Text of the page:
"Reports that we are supporting or considering supporting any third party presidential candidate are false," Philip Ellender, a spokesman for the Kochs, told CBS.

Johnson also said he was not expecting a sudden influx of cash.

"To my knowledge, it's not happening," he told the Washington Post. "That's not to say it isn't, but it would be a surprise to me. We tried to talk to the Kochs during the last cycle, and we couldn't do it. There are a lot of people who are expressing interest, in a big way, to be a part of this, but I'm not naming names. I can say that I haven't reached out to the Kochs."

Given the Kochs' longtime affinity for libertarian causes – and and their disappointment with the results of the Republican nominating contest – raised hopes among conservatives longing for an alternative to presumptive Republican nominee Donald Trump.

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But – for the time being – the Kochs seem burned out by how little their millions have done in shaping national policy. They failed to unseat President Barack Obama in 2012, despite spending more than $400 million in that election cycle.

And while Republicans in 2014 wrested control of the Senate and expanded the House GOP majority to historic proportions – due in no small part to the $300 million spent by the Koch network – the billionaire brothers have few policy victories to show for it.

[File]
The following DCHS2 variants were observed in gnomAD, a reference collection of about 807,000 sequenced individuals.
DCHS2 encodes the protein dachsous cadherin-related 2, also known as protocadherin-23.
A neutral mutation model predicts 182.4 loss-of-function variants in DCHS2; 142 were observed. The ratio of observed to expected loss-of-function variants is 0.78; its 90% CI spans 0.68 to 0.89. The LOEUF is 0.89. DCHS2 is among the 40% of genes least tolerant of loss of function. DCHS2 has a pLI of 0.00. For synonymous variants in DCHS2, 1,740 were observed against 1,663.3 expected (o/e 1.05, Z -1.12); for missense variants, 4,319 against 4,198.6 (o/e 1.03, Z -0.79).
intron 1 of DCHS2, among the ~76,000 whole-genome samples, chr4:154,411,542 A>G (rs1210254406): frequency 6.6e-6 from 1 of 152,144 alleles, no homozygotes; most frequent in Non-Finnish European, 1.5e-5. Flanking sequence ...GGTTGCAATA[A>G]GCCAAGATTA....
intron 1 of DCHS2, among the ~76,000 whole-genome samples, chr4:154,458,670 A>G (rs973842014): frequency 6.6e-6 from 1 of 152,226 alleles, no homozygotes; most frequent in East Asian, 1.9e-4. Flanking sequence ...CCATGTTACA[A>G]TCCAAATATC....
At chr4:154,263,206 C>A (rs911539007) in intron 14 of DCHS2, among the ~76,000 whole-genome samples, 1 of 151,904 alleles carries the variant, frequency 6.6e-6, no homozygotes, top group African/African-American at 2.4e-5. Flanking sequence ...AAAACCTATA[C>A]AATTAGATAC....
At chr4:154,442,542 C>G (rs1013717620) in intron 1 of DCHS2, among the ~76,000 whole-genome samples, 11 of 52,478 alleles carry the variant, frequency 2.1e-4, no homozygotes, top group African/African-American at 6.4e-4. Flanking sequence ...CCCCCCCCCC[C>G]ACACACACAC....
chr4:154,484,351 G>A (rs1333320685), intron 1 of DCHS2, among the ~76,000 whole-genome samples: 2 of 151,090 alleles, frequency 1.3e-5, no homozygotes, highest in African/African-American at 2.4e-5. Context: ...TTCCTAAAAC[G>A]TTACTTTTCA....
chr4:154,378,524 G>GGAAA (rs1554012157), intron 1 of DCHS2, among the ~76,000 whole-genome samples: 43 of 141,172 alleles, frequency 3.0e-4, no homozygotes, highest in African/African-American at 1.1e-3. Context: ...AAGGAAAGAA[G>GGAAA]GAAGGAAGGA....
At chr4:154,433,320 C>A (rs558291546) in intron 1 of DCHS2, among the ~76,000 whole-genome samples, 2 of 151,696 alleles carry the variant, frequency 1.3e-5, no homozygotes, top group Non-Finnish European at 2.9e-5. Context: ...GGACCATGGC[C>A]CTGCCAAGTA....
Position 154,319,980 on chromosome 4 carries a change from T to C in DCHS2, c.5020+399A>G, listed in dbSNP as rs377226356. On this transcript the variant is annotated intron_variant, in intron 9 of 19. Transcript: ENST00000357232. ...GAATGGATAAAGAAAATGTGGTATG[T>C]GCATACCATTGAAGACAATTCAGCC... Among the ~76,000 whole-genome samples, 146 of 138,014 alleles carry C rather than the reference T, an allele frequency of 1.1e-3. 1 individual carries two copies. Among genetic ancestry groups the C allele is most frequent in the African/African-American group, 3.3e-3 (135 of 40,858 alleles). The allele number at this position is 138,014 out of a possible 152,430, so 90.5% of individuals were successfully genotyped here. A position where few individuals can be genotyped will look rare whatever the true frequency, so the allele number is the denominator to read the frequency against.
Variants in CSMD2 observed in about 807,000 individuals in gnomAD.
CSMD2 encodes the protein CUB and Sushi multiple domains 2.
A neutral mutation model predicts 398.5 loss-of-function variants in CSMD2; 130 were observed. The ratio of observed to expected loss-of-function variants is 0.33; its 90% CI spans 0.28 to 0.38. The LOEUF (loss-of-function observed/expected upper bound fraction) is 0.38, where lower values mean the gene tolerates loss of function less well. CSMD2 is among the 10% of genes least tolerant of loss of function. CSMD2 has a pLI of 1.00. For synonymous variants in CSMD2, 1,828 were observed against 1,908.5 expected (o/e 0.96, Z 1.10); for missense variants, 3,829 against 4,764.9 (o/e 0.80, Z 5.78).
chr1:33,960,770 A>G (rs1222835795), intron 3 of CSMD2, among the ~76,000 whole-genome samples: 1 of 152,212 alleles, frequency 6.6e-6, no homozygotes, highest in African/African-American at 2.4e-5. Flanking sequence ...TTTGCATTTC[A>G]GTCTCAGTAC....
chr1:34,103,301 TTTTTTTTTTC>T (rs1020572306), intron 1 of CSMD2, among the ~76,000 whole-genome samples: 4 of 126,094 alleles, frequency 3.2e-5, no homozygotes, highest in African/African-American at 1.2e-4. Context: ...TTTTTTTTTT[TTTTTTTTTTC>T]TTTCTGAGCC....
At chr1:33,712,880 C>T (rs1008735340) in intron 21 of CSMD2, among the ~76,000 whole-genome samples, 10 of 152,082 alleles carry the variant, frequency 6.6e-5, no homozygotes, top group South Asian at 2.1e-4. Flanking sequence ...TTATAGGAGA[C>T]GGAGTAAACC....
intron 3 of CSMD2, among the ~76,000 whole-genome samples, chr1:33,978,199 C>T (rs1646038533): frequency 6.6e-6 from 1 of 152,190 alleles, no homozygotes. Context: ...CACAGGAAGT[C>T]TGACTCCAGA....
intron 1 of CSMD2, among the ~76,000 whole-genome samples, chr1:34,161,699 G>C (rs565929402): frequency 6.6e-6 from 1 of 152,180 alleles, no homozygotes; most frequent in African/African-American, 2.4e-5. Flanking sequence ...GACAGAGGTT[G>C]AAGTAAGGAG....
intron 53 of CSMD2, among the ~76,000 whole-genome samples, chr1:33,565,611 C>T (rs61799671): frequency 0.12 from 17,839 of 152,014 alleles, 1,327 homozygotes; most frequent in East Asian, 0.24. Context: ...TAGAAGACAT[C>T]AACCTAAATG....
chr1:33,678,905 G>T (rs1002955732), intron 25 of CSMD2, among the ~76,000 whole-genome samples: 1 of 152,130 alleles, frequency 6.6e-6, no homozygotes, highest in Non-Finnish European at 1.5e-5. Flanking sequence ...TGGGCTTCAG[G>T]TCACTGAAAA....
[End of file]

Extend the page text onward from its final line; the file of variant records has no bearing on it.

Instead, they are "unlikely to spend a dime on the 2016 presidential election," according to a National Review report detailing their withdrawal from federal races this year.

"And as two of wealthiest men alive, they could instantaneously bankroll a campaign against Clinton on their own," the National Review explains.

"As of now, however, Koch insiders say that's unlikely to happen," it continues. "If they are right, Republicans will go into this fall's elections without the full support of their biggest benefactors, creating a void that could have lasting consequences for the GOP on the national stage."